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JMS is a workflow management system and web-based cluster front-end for High Performance Computing (HPC) environments. It provides an interface to Torque (or similar resource managers) that allows users to submit and manage jobs as well as manage, configure and monitor the status of their cluster.

In addition to interfacing with a resource manager, JMS provides a fully-functional workflow management system that allows users to create complex computational pipelines via an easy-to-use, web interface. Users can upload their scripts, interface with installed programs on their cluster, or both, to build their workflows.

JMS was originally developed for use in the field of bioinformatics. It is, however, applicable to any scientific field that requires computationally intensive analysis to be performed over a cluster. It can also be used to integrate workflows into 3rd party websites via it's RESTful web API. JMS is is also a useful tool for system administrators who simply want to monitor and manage their cluster.

JMS is a Django project. We will welcome any and all help in developing it further.

JMS has been published here.


Note: The following instructions are for Ubuntu 14.04, but can be used as a guideline for other Linux flavours.


1. Download and setup the JMS project

First of all, you will need to download the project from github. We recommend you download the project to the /srv directory so you will not need to change paths in the settings file later:

cd /srv
sudo mkdir JMS
sudo chown user:user JMS
git clone
sudo chown user:user JMS -R

Navigate to the project src directory and setup a virtual environment:

cd /srv/JMS/src
sudo apt-get install -y libmemcache-dev zlib1g-dev libssl-dev python-dev build-essential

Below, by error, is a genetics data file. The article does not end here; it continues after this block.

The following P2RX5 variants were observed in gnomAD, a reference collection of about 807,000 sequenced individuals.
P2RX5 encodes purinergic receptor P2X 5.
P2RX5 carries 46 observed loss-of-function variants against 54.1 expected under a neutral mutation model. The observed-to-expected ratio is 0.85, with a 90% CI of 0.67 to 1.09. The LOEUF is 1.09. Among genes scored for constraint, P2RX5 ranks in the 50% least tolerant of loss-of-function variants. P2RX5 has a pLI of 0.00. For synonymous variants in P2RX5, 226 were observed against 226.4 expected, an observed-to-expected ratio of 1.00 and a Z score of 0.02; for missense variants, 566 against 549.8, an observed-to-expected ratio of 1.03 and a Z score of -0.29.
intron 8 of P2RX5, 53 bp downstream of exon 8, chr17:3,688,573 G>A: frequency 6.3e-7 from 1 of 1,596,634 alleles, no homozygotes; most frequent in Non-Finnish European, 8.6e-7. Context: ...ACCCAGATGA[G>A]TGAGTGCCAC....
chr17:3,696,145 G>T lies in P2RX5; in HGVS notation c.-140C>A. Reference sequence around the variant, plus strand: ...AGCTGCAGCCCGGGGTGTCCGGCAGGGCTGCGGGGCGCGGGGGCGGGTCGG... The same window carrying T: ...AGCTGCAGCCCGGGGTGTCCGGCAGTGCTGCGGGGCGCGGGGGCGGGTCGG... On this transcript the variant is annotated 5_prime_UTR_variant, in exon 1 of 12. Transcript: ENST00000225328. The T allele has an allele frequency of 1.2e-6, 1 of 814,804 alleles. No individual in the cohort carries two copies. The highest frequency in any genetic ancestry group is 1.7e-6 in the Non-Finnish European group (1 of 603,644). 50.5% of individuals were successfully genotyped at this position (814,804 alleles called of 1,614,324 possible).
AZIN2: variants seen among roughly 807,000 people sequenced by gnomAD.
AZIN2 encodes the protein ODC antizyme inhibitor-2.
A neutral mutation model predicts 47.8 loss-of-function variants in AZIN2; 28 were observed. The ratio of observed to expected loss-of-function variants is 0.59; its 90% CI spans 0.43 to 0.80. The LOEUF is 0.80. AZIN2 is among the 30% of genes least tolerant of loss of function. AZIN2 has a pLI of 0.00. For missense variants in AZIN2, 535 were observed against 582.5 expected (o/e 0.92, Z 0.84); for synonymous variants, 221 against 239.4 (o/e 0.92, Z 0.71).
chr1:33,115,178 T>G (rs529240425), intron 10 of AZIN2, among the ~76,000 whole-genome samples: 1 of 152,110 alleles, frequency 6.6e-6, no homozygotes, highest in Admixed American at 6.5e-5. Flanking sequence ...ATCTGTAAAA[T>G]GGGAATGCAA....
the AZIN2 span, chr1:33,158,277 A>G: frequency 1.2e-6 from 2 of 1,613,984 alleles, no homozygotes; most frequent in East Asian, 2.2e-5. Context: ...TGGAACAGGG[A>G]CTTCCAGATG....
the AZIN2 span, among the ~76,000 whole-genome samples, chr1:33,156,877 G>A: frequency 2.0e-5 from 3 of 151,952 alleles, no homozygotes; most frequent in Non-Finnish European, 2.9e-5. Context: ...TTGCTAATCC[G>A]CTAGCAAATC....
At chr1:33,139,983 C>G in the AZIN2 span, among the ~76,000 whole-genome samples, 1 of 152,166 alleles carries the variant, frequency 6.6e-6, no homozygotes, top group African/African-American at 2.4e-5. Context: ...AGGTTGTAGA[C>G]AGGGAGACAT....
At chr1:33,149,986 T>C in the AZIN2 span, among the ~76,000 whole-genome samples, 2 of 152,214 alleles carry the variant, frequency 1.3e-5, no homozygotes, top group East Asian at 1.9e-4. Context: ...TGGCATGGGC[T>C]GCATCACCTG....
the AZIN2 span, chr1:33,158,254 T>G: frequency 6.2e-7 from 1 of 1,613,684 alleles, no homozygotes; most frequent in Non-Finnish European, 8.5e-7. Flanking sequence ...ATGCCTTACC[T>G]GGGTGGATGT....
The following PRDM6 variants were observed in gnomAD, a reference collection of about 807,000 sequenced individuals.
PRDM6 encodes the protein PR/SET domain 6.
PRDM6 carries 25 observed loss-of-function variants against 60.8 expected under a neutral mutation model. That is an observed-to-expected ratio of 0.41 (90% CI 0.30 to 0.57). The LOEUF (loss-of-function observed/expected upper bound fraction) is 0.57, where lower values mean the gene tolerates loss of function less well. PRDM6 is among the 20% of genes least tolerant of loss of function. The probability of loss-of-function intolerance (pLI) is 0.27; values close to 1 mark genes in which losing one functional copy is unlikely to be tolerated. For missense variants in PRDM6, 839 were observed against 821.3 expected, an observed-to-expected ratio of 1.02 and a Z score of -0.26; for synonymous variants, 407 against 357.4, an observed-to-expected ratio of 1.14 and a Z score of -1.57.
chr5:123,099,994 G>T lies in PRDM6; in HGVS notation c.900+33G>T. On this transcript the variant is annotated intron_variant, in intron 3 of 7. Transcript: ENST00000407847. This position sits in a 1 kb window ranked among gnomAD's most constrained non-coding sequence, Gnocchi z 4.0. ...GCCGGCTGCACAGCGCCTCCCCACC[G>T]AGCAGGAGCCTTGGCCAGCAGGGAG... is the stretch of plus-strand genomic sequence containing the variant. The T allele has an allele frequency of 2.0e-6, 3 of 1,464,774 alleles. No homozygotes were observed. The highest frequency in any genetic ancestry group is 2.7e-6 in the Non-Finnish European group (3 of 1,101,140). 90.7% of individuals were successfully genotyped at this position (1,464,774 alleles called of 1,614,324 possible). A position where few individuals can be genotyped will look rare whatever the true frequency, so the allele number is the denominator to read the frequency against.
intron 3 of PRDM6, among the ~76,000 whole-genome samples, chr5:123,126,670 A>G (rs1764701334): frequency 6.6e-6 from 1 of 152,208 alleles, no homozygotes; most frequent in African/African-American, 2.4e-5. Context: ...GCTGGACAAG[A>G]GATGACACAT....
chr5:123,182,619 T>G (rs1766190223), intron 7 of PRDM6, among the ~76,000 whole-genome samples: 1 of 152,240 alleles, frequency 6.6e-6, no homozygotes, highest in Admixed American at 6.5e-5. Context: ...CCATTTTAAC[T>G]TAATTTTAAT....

virtualenv venv
source venv/bin/activate
pip install -r requirements.txt

Edit the /srv/JMS/src/JMS/ file to include your database login credentials (you should have set these when creating your database) and the path to the NFS share:

    'default': {
        'ENGINE': 'django.db.backends.mysql', # Add 'postgresql_psycopg2', 'mysql', 'sqlite3' or 'oracle'.
        'NAME': 'JMS',                      # Or path to database file if using sqlite3.
        # The following settings are not used with sqlite3:
        'USER': 'username',
        'PASSWORD': 'password',
        'HOST': 'localhost', 
        'PORT': '',                      # Set to empty string for default.

    "JMS_shared_directory": "/NFS/JMS/",
    "resource_manager": {
        "name": "torque",
        "log_file": os.path.join(BASE, "logs/torque.log")

    "key": os.path.join(BASE_DIR, "impersonator/pub.key"),
    "url": ""

With the file set up with your database details and the path to your shared directory, run the following commands:

cd /srv/JMS/src
source venv/bin/activate
python migrate
python setup

2. Start the queue daemon

The queue daemon is responsible for updating the JMS job history with details from the resource manager. If you don't start the queue_daemon, your job history will not be updated after the a job has been submitted i.e. no changes in state will be tracked during the job. To start the queue daemon, run the following command:

sudo venv/bin/python queue_daemon start

To restart or stop the queue daemon, run the following commands respectively:

sudo venv/bin/python queue_daemon restart
sudo venv/bin/python queue_daemon stop

3. Start the impersonator server

The impersonator allows JMS to submit jobs as you. It is also used for a number of other reasons. If you are unable to login, chances are the impersonator is not running. To start it, run the following commands:

sudo nohup venv/bin/python impersonator/ 8123 >/dev/null 2>&1 &

You can set which port JMS communicates with the impersonator on in the file:

    "key": os.path.join(BASE_DIR, "impersonator/pub.key"),
    "url": ""

4. Test the JMS

To test that your installation is working, run the Django development web server:

python runserver ip.address:8000

For improved performance, host the JMS with Apache or some other production web server.


A workflow management system and web-based cluster front-end for high performance computing







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